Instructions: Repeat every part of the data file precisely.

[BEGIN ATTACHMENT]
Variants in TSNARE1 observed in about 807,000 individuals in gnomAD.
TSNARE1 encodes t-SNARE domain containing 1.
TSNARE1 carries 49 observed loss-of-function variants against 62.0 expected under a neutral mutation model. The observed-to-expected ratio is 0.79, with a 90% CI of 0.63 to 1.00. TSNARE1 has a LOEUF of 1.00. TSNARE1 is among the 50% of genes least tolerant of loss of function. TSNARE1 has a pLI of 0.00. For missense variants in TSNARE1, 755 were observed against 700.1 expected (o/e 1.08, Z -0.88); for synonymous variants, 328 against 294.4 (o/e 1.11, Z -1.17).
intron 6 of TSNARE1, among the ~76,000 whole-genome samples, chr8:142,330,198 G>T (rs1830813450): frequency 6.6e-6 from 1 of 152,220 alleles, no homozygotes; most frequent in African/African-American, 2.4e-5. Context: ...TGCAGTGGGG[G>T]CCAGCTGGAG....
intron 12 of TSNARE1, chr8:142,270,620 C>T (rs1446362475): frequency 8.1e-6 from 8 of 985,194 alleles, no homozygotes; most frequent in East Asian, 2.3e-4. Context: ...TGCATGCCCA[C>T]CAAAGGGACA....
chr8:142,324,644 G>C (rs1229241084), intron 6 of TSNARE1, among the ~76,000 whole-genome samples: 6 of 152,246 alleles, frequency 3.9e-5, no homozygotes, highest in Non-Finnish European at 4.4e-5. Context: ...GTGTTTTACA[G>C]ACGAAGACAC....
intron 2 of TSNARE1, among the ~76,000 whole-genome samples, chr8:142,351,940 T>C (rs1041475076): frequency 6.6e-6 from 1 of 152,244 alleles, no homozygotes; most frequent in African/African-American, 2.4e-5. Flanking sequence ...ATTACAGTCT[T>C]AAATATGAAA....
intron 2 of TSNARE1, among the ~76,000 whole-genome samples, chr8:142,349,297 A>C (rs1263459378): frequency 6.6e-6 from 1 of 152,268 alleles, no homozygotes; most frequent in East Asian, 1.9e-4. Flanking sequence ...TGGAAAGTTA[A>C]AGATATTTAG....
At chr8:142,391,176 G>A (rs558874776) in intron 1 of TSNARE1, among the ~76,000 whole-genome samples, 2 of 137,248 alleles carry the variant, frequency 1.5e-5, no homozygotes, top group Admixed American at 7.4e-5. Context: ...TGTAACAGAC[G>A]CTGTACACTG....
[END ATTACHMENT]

Variants in TSNARE1 observed in about 807,000 individuals in gnomAD.
TSNARE1 encodes t-SNARE domain containing 1.
TSNARE1 carries 49 observed loss-of-function variants against 62.0 expected under a neutral mutation model. The observed-to-expected ratio is 0.79, with a 90% CI of 0.63 to 1.00. TSNARE1 has a LOEUF of 1.00. TSNARE1 is among the 50% of genes least tolerant of loss of function. TSNARE1 has a pLI of 0.00. For missense variants in TSNARE1, 755 were observed against 700.1 expected (o/e 1.08, Z -0.88); for synonymous variants, 328 against 294.4 (o/e 1.11, Z -1.17).
intron 6 of TSNARE1, among the ~76,000 whole-genome samples, chr8:142,330,198 G>T (rs1830813450): frequency 6.6e-6 from 1 of 152,220 alleles, no homozygotes; most frequent in African/African-American, 2.4e-5. Context: ...TGCAGTGGGG[G>T]CCAGCTGGAG....
intron 12 of TSNARE1, chr8:142,270,620 C>T (rs1446362475): frequency 8.1e-6 from 8 of 985,194 alleles, no homozygotes; most frequent in East Asian, 2.3e-4. Context: ...TGCATGCCCA[C>T]CAAAGGGACA....
chr8:142,324,644 G>C (rs1229241084), intron 6 of TSNARE1, among the ~76,000 whole-genome samples: 6 of 152,246 alleles, frequency 3.9e-5, no homozygotes, highest in Non-Finnish European at 4.4e-5. Context: ...GTGTTTTACA[G>C]ACGAAGACAC....
intron 2 of TSNARE1, among the ~76,000 whole-genome samples, chr8:142,351,940 T>C (rs1041475076): frequency 6.6e-6 from 1 of 152,244 alleles, no homozygotes; most frequent in African/African-American, 2.4e-5. Flanking sequence ...ATTACAGTCT[T>C]AAATATGAAA....
intron 2 of TSNARE1, among the ~76,000 whole-genome samples, chr8:142,349,297 A>C (rs1263459378): frequency 6.6e-6 from 1 of 152,268 alleles, no homozygotes; most frequent in East Asian, 1.9e-4. Flanking sequence ...TGGAAAGTTA[A>C]AGATATTTAG....
At chr8:142,391,176 G>A (rs558874776) in intron 1 of TSNARE1, among the ~76,000 whole-genome samples, 2 of 137,248 alleles carry the variant, frequency 1.5e-5, no homozygotes, top group Admixed American at 7.4e-5. Context: ...TGTAACAGAC[G>A]CTGTACACTG....